I based the flares for the sleeve on a half circle shape. Measure the sleeve hem edge and apply the formula where Pye = 3.14. My sleeve measurement was 25 cm, and I wanted to find the radius, so that I could form the half circle shape from a central point and measure out. 25cm divided by 3.14 = 7.96cm.

I cut the pair from the cut off hem pieces. If I was making a skirt piece from a circle or half circle, I would leave it to hang for a few days, as it would inevitably drop at the bias areas. But for these little sleeve ends, I hemmed them before attaching.

The sleeve ends, before and after.

I used the back panels of the second dress to form the two button stands. And found a new home for some of my newly acquired vintage buttons.

I added patch pockets, I always like having pockets of some sort on jackets. And used my template method of getting a good, neat, curved shape on the edges.


Miss Lemon inspired blouse using another type of binding.

I said to someone once that it would take me a couple of years to decide what I wanted to do, and, after an odd series of events, I am once again back working at Edinburgh College of Art! I know that the work there suits me perfectly! Regardless of this change, here is a recent refashion influenced by Miss Lemon, personal secretary to Agatha Christie’s private detective, Hercule Poirot.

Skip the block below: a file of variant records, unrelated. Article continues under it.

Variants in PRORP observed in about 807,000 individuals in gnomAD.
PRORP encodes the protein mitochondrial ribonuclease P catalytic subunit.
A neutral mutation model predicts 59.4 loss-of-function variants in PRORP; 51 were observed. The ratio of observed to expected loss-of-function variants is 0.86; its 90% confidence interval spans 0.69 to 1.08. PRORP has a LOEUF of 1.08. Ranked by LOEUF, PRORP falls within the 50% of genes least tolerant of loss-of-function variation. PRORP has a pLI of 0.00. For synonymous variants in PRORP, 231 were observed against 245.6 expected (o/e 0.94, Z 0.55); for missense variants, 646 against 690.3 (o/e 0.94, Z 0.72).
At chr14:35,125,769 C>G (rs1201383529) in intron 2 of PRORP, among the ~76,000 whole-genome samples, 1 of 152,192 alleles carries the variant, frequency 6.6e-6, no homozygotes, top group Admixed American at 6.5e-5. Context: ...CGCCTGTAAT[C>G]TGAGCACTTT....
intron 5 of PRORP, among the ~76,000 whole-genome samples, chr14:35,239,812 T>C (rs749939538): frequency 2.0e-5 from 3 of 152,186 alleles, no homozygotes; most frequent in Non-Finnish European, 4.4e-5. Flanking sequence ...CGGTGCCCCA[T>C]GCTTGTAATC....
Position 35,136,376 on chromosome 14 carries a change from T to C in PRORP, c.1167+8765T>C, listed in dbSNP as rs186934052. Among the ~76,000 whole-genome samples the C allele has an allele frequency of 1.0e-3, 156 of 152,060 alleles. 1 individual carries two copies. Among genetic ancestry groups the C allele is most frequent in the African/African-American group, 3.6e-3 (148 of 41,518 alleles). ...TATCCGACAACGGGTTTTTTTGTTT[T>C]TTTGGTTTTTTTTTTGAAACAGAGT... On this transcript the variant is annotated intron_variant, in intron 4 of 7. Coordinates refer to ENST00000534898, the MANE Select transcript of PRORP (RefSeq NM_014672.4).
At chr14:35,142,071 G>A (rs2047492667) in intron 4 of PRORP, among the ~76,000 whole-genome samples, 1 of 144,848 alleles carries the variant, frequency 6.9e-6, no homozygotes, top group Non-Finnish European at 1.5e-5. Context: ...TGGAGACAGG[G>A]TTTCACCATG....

I do love a vintage inspired blouse, and this one is worn by Miss Lemon, on the TV series, Poirot. I have been collecting images of blouses worn by Miss Lemon on pinterest. I love them and think they are very much worth an interpretation!

As is often the case I’m starting with a garment to refashion, this time, a maxi skirt. The maxi skirt is actually quite disappointing in the amount of fabric it uses, so this one is going to have to be sleeveless.

The main feature I wanted to include is a lacy collar taken from a polyester chiffon top I have had for ages and don’t wear any more because it annoys me that I have to wear a vest top under it. So a contrasting collar and multiples of buttons will be the feature pieces of this top. Sometimes I really enjoy unpicking garments, actually that’s wrong. I enjoy unpicking garments when I’m using them for a refashion and particularly when it means I discover a new sewing method or technique. This one was a different way of using binding to attach the collar.This method used a strip of self fabric bias binding which was pressed in half lengthways.

I cut out and made up the top. I used a usual 3cm wide button stand with the centre front sitting in the centre at 1.5cm. I sewed in a step in line with the 1.5cm, bagged out and pressed, snipped and released the 1cm neck seam allowance. The binding was cut on the bias 2.5cm wide, and pressed in half lengthways.